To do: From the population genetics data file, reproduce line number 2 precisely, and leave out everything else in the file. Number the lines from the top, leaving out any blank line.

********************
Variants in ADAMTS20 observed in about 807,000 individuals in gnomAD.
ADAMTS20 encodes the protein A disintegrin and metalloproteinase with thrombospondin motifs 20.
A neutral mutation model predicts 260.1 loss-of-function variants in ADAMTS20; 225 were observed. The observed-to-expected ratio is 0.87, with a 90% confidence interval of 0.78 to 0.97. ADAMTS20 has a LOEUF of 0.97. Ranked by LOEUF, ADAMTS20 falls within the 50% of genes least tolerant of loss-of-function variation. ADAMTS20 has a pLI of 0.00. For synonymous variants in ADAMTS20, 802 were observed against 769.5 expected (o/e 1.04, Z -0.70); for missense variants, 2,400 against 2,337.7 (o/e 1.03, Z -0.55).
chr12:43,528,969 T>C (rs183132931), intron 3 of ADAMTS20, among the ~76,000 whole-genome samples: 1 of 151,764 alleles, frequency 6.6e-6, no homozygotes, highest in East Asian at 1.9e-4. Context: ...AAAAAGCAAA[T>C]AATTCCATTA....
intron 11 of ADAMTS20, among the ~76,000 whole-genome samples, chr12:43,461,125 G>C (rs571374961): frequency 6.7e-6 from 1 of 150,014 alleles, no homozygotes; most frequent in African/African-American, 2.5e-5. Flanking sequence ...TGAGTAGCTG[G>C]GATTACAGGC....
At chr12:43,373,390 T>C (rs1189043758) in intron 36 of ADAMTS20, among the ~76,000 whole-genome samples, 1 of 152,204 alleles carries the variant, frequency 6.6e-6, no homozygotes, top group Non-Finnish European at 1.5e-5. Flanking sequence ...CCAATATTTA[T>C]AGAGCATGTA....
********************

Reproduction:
ADAMTS20 encodes the protein A disintegrin and metalloproteinase with thrombospondin motifs 20.